Thursday, January 29, 2015

A Reflection on Senior Starfish senior Joel

Today, senior Starfish student Joel shares with us a reflection on his last year in high school, and his motivation for the future.  Joel has been with us since the first days of Starfish and we are so proud of all that he has accomplished so far!!

"Hi, I'm Joel.  I'm in my last year of high school.  To be in the last year of high's gratifying to know that you are about to graduate and meet one of your goals which is to finish high school.  Of course, the last year is not easy because your life is slowly taking an important turn towards responsibility.  One begins to become more independent, but it's always necessary to listen to others' advice for something that you don't understand.  It may be related to your studies, which are important.  Someday, thanks to your academic efforts, you can achieve diplomas or scholarships like what I had, and with these accomplishments, people will respect you as a person.  If everything goes well, in the future they will also respect you as a professional."

Also important to note, Joel has done an excellent job preparing for his graduation, participating in the equivalent of SAT-prep classes and earning an admirable score on the exam.  As such he is currently exploring 2 options, the public university to which he will automatically gain admittance with his outstanding test score, and a private university scholarship through another local organization which awards scholarships specifically based on merit.  Let's wish him the best of luck as he continues in the scholarship process!!  ¡Buena suerte Joel!

Spanish language - Joel's original post:

Hola, soy Joel.  Estoy en 3ro de bachillerato.  Estar en el último de muy grato saber que estás a punto de graduarte y cumplir con una de tus metas que es finalizar el colegio.  Claro que el último año no es fácil porque tu vida poco a poco va tomando un giro importante que es el de la responsabilidad.  Uno se comienza a independizar, pero siempre hay que escuchar a los demás, sus consejos, en algo que no entiendes.  Puede ser referente a tus estudios, que son importante.  Algún día gracias a tu esfuerzo académico puedes obtener logros como diplomas o becas como los obtuve yo, y al obtener todos estos logros, las demás personas te van a respetar como persona.  Si todo va bien ya puede que más adelante de te respeten como un profesional.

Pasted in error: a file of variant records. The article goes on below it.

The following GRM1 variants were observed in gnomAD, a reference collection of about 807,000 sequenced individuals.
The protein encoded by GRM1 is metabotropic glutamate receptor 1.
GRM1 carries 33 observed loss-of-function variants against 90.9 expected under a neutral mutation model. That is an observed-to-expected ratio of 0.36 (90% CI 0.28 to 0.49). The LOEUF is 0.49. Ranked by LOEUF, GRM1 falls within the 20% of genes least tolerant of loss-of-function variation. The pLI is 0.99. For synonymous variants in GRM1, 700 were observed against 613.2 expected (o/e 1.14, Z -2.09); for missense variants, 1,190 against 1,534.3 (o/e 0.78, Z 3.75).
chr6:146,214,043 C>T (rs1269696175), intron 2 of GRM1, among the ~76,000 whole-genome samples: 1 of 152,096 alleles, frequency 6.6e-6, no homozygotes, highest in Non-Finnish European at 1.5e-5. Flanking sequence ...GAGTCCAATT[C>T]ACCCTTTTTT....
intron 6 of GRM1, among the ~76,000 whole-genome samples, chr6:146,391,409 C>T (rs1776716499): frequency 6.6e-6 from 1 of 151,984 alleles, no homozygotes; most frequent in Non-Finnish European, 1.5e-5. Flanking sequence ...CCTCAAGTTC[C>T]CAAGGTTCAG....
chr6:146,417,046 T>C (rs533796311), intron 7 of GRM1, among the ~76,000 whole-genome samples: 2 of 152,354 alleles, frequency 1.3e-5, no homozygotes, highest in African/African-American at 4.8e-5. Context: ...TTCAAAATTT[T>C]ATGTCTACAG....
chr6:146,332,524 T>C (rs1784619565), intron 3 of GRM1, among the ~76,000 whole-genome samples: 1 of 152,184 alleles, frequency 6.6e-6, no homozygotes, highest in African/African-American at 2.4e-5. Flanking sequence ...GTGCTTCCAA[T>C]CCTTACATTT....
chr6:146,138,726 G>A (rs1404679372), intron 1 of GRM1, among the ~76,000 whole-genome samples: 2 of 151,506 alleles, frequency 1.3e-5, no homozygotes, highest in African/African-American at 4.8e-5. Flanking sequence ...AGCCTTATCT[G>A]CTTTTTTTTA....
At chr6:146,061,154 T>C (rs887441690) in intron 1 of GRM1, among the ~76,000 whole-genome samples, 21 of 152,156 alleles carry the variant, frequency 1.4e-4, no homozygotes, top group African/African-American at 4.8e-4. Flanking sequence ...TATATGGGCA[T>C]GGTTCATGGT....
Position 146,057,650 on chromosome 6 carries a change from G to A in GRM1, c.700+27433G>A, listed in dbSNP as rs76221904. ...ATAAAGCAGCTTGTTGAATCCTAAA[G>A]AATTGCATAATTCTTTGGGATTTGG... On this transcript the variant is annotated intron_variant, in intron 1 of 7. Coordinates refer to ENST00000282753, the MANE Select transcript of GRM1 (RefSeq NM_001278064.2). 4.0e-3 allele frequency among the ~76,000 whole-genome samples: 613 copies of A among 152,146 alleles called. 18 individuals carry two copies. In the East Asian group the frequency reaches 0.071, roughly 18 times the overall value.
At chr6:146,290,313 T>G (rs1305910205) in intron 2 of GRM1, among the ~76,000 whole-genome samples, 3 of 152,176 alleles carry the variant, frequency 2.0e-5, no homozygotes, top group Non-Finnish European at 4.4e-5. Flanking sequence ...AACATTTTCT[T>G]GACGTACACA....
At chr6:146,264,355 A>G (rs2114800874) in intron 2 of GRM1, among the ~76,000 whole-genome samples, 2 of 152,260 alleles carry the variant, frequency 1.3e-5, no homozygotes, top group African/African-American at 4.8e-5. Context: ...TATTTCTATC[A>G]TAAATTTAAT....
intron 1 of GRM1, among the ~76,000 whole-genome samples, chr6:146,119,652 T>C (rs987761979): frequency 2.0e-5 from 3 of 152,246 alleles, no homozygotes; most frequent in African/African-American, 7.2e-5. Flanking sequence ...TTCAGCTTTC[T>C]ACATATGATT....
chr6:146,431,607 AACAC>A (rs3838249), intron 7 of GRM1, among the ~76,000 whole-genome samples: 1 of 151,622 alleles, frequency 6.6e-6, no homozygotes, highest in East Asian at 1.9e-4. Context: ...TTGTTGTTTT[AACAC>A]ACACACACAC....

Thursday, January 22, 2015

Global Education: A Brief Look

Greetings, Starfish readers! We are launching a new blog series on global education. Also keep an eye out for posts from our volunteers and tutors, Starfish event highlights, and more every Thursday! We look forward to your comments.


Many people, myself included, were excited to hear President Obama speak about the possibility of free and universal community college in his State of the Union speech this week. This new initiative raises hope. Not only for those who would directly benefit from it, but for also everyone who recognizes education as a powerful, positive force.

Investing in education is, of course, an investment in the future. At Starfish, we know education has the power to change lives; it gives young people more opportunities and the ability to build up their communities. And it is encouraging to think that the President's newly introduced policy may be part of a trend towards a greater global focus on education.

To nurture this trend, however, there is still much to be done. A recent report released by UNICEF and the UNESCO Institute for Statistics indicated that 58 million children and 63 million adolescents worldwide were out of school. In other words: 1 of 11 children are not in the classroom; 1 in 5 adolescents are not.

The global community intended 2015 to be a benchmark year for universal primary education and yet progress has been slow. Barriers to education include: poverty, child labor, gender discrimination, national and regional conflicts, geographic location, language challenges, malnutrition, natural disasters, teacher shortages, and disability.

A disproportionate number of girls, children with disabilities, and children living in rural areas leave school early or miss out on their educations entirely. UNESCO reports that the solution isn't a matter of simply building more schools, but maintaining education in times of upheaval, combatting the above deterrents, and further determining why students aren't in the classroom.

The situation isn't hopeless, but rather complex. Still, change is possible. Last year, for example, in Ecuador, public school enrollment increased by 16%. The national literacy rate increased to 93%. The state spent a net $1.3 billion on education and made a plan to raise their secondary education graduation rate to 80% in the next several years. It will take hard work to put that plan into action, as it will take hard work to get students worldwide into their classrooms, but it's worth it.

Thursday, January 1, 2015